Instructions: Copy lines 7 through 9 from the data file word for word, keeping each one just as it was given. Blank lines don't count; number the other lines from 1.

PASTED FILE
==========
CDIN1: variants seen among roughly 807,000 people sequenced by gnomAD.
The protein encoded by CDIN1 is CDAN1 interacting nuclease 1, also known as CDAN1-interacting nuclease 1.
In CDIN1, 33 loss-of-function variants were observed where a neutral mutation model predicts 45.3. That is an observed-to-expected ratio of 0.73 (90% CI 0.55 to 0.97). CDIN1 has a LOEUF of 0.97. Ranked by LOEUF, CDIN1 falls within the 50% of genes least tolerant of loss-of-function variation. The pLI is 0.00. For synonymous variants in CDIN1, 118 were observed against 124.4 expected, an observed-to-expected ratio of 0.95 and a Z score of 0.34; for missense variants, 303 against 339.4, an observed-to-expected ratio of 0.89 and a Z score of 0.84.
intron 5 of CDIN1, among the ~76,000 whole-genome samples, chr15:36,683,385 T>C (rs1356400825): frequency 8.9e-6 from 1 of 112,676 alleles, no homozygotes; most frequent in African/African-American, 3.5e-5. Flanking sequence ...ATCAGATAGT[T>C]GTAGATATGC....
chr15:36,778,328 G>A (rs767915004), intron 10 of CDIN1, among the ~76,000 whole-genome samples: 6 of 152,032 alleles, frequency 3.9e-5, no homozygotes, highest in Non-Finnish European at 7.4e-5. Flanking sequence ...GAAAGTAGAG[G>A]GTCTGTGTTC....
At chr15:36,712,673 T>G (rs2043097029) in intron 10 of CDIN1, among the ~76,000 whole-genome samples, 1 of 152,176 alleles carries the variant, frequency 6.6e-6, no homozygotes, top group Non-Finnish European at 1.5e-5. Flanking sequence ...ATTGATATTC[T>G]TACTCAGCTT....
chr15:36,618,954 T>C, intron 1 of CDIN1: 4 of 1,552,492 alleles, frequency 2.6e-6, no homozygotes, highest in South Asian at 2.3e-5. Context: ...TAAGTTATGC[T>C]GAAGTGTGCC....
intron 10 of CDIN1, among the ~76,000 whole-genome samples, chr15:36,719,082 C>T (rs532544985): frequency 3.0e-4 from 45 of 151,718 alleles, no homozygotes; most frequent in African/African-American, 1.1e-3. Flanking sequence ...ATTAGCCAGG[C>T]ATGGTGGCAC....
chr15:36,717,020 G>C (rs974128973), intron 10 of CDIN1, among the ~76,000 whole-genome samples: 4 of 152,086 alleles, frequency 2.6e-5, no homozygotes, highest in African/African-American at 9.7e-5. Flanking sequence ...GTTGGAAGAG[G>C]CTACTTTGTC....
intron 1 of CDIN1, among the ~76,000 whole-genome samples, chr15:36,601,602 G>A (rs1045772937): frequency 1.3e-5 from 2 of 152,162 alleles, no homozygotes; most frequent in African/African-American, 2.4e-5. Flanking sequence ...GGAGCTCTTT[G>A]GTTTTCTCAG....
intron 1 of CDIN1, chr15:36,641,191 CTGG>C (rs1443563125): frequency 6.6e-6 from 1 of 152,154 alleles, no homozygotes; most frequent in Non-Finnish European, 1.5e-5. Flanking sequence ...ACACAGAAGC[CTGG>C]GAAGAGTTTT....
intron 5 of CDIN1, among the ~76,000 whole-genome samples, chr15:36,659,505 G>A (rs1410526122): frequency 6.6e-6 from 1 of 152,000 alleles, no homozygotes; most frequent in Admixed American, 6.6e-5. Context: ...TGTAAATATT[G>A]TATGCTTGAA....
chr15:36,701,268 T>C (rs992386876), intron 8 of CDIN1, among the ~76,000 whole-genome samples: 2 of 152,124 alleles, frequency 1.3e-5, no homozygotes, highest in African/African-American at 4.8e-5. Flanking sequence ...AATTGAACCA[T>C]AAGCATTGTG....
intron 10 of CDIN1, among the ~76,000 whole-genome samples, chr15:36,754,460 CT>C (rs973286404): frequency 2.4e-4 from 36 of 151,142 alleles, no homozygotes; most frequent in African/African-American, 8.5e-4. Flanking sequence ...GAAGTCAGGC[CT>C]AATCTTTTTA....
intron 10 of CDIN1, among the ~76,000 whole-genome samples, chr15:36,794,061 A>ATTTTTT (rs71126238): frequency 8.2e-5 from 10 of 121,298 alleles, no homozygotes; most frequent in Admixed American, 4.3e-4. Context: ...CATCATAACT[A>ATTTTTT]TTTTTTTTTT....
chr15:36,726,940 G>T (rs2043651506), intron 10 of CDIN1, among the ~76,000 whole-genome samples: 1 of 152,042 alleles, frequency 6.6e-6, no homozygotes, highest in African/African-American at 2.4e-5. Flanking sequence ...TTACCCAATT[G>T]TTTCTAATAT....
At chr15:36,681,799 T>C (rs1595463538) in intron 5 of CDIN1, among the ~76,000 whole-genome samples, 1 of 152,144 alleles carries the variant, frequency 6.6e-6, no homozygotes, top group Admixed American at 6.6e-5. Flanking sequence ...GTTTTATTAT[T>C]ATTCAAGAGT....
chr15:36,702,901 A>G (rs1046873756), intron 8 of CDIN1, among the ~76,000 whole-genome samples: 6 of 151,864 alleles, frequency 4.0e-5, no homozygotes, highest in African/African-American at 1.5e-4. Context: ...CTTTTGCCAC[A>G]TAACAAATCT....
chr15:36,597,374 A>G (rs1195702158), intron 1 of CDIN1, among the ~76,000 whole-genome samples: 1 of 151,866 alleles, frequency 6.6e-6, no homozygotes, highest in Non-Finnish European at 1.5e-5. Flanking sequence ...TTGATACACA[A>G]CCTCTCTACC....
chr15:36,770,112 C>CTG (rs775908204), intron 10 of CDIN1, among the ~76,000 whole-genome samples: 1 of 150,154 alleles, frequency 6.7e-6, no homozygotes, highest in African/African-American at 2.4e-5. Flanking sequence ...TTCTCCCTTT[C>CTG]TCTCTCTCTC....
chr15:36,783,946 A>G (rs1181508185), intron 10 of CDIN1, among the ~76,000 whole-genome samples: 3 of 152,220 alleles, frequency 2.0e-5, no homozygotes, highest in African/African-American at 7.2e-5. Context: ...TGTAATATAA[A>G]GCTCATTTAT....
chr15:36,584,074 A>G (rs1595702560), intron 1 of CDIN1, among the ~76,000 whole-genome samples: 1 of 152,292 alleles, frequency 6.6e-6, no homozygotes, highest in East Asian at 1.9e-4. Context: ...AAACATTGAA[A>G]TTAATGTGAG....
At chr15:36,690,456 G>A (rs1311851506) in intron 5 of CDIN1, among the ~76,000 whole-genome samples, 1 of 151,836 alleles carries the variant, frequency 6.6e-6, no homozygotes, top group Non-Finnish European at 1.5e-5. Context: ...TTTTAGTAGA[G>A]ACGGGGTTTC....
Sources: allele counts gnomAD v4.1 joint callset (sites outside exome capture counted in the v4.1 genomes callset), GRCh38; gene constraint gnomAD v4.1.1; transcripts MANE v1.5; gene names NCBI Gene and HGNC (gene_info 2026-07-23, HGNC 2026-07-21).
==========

chr15:36,618,954 T>C, intron 1 of CDIN1: 4 of 1,552,492 alleles, frequency 2.6e-6, no homozygotes, highest in South Asian at 2.3e-5. Context: ...TAAGTTATGC[T>C]GAAGTGTGCC....
intron 10 of CDIN1, among the ~76,000 whole-genome samples, chr15:36,719,082 C>T (rs532544985): frequency 3.0e-4 from 45 of 151,718 alleles, no homozygotes; most frequent in African/African-American, 1.1e-3. Flanking sequence ...ATTAGCCAGG[C>T]ATGGTGGCAC....
chr15:36,717,020 G>C (rs974128973), intron 10 of CDIN1, among the ~76,000 whole-genome samples: 4 of 152,086 alleles, frequency 2.6e-5, no homozygotes, highest in African/African-American at 9.7e-5. Flanking sequence ...GTTGGAAGAG[G>C]CTACTTTGTC....